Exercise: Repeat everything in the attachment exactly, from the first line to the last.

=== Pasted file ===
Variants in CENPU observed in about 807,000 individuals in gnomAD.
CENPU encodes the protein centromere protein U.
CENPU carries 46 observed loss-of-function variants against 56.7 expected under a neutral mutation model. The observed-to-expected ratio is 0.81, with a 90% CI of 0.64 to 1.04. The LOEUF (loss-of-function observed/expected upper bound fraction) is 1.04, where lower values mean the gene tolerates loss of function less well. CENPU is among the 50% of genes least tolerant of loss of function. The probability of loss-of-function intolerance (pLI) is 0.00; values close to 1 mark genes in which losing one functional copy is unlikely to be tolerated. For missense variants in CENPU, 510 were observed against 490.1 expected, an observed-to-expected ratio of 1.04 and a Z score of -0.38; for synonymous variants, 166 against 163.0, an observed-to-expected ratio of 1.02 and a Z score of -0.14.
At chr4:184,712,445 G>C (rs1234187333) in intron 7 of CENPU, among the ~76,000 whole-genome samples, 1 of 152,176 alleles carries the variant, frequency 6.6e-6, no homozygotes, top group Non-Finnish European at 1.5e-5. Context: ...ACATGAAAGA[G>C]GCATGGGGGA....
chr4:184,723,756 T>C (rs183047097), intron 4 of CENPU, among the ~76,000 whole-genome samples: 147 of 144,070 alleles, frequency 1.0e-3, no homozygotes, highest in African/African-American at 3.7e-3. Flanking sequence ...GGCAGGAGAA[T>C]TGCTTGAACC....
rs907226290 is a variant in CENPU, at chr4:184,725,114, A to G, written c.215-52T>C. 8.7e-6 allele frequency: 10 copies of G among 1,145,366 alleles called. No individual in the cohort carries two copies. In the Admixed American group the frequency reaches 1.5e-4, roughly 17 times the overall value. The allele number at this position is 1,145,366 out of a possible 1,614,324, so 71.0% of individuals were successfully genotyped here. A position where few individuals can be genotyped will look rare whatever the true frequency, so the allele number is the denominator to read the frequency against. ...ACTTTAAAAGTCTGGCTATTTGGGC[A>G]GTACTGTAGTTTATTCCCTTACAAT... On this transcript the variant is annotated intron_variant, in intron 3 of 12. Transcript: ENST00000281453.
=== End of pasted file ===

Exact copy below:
Variants in CENPU observed in about 807,000 individuals in gnomAD.
CENPU encodes the protein centromere protein U.
CENPU carries 46 observed loss-of-function variants against 56.7 expected under a neutral mutation model. The observed-to-expected ratio is 0.81, with a 90% CI of 0.64 to 1.04. The LOEUF (loss-of-function observed/expected upper bound fraction) is 1.04, where lower values mean the gene tolerates loss of function less well. CENPU is among the 50% of genes least tolerant of loss of function. The probability of loss-of-function intolerance (pLI) is 0.00; values close to 1 mark genes in which losing one functional copy is unlikely to be tolerated. For missense variants in CENPU, 510 were observed against 490.1 expected, an observed-to-expected ratio of 1.04 and a Z score of -0.38; for synonymous variants, 166 against 163.0, an observed-to-expected ratio of 1.02 and a Z score of -0.14.
At chr4:184,712,445 G>C (rs1234187333) in intron 7 of CENPU, among the ~76,000 whole-genome samples, 1 of 152,176 alleles carries the variant, frequency 6.6e-6, no homozygotes, top group Non-Finnish European at 1.5e-5. Context: ...ACATGAAAGA[G>C]GCATGGGGGA....
chr4:184,723,756 T>C (rs183047097), intron 4 of CENPU, among the ~76,000 whole-genome samples: 147 of 144,070 alleles, frequency 1.0e-3, no homozygotes, highest in African/African-American at 3.7e-3. Flanking sequence ...GGCAGGAGAA[T>C]TGCTTGAACC....
rs907226290 is a variant in CENPU, at chr4:184,725,114, A to G, written c.215-52T>C. 8.7e-6 allele frequency: 10 copies of G among 1,145,366 alleles called. No individual in the cohort carries two copies. In the Admixed American group the frequency reaches 1.5e-4, roughly 17 times the overall value. The allele number at this position is 1,145,366 out of a possible 1,614,324, so 71.0% of individuals were successfully genotyped here. A position where few individuals can be genotyped will look rare whatever the true frequency, so the allele number is the denominator to read the frequency against. ...ACTTTAAAAGTCTGGCTATTTGGGC[A>G]GTACTGTAGTTTATTCCCTTACAAT... On this transcript the variant is annotated intron_variant, in intron 3 of 12. Transcript: ENST00000281453.